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  • Writer's pictureDana Webster

Who's Minding The Kids?

I had a dream the other night in which I time-travelled back to the 70s and found myself

among a group of young adults, university-aged, who shared their lives, their beds, their joints with one another. It was a motley crew of men and women, straight and gay. The tone of the dream was one of idealism, hope and confidence - the world was their oyster kind of vibe. There was love and vulnerability. There were disagreements and betrayals. These were deep and varied friendships based on respect, humour, and camaraderie. I loved being a part of it.

At one point, we were all just hanging out in the apartment kitchen which led into the living room and bedrooms beyond. It was a lazy weekend morning - no one had to be anywhere, no one had to rush off to class or a part-time job. The aroma of coffee melded with the smells of frying eggs and cigarettes. We chattered and joked with an intimacy that belonged only to us.

Because I knew what they didn't about the future, about where their lives were headed, I decided to tell them a story. I talked about the internet, iPhones, and social media. I told them that in the future, gatherings such as this would include phones, scrolling, and texting, that instead of just being in the space together, here, people would simultaneously be engaged with strangers they'd never meet or learn to care about in the same way they cared about each other. I foretold of disconnection and of silos, of public shaming and cancel culture. As I spoke, they giggled uncomfortably, unsure of what to think.

What I noticed most was the eye contact. We were looking at each other, reading reactions, listening to thoughts and opinions. I saw smiles, and wonder, and curiosity in their expressions. No one was looking down at the phone in their lap, no one was pulled away from the moment by goings-on outside of that room. We were present to the conversation and to each other.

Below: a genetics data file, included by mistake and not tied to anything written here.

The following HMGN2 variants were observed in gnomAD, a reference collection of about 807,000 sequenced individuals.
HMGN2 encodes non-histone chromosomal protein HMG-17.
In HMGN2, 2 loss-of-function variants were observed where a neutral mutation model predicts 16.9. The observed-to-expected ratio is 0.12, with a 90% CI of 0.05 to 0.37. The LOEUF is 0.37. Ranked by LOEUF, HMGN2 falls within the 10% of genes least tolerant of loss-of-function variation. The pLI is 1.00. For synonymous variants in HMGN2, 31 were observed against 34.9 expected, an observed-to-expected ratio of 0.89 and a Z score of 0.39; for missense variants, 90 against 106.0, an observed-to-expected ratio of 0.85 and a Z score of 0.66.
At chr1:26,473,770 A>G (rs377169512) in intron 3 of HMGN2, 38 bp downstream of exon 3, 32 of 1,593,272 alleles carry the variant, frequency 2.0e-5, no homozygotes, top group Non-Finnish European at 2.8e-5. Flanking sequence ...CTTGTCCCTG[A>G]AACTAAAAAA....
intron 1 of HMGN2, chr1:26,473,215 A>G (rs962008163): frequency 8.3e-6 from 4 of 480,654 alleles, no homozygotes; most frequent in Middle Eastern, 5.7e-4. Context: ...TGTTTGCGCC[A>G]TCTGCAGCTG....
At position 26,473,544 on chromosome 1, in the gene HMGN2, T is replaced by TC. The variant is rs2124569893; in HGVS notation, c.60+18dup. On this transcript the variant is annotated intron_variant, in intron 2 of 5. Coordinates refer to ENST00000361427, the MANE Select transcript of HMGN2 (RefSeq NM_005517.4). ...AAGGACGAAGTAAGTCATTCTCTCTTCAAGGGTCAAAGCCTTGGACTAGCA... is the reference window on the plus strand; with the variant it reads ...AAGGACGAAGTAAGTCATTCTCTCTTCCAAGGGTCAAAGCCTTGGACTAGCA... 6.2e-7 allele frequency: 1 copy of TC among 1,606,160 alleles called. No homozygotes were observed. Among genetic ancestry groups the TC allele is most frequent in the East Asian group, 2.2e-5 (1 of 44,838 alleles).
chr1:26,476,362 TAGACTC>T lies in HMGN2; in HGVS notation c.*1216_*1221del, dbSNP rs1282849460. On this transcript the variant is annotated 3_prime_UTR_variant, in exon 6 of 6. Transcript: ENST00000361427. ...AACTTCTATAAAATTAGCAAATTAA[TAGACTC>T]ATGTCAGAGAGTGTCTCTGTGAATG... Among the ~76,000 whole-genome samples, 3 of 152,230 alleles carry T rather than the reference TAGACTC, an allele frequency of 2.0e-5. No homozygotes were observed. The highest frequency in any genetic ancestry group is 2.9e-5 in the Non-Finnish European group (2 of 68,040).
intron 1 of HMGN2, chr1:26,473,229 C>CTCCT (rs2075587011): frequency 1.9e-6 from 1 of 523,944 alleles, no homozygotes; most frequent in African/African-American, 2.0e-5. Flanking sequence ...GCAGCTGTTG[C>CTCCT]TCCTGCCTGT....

I lament that new generations of young people will never know what that feels like. They will never know the intimacy of being present with other human beings who are right in front of them. Today, we straddle two worlds almost constantly - the one that exists in its physicality, its solidity, its realness and the one that is virtual, i.e. not real. How we have managed to give so much of our attention and personal power over to people we do not know, to causes we didn't know we cared about, to opinions we didn't know we were supposed to have is one I find truly disheartening.

No, it's not all bad. The internet is a marvel of our age. I can't even imagine my days without it. It is possible to turn it off and go outside to play, for sure. However, its presence persists. I sort of liken it to TV-watching when I was a kid. The difference, though, was that kid shows were aired on Saturday mornings. That's it. And, we had parents who limited our screen time. The networks and our parents were being the adults. With the internet and social media and texting and memes, the adults have left the building. Worse, they are as fully immersed and tuned out as the kids are. Can we really not understand why our young people are so anxiety ridden?

Civilization is the progress toward a society of privacy. The savage's whole existence is public, ruled by the laws of his tribe. Civilization is the process of setting man free from men. ~ Ayn Rand

One of the things about getting older is you can look back, some times with rose-coloured glasses, and take stock of what was working and what wasn't. Not that anyone is listening to us old farts but we do have important things to say. What saddens me is that generations of people will not know the freedom of being in the moment, of not being watched or tracked or marketed to, of having private thoughts unencumbered by the thousands of other voices that have taken up residence in their heads.

Me, in my own head, with my own thoughts.

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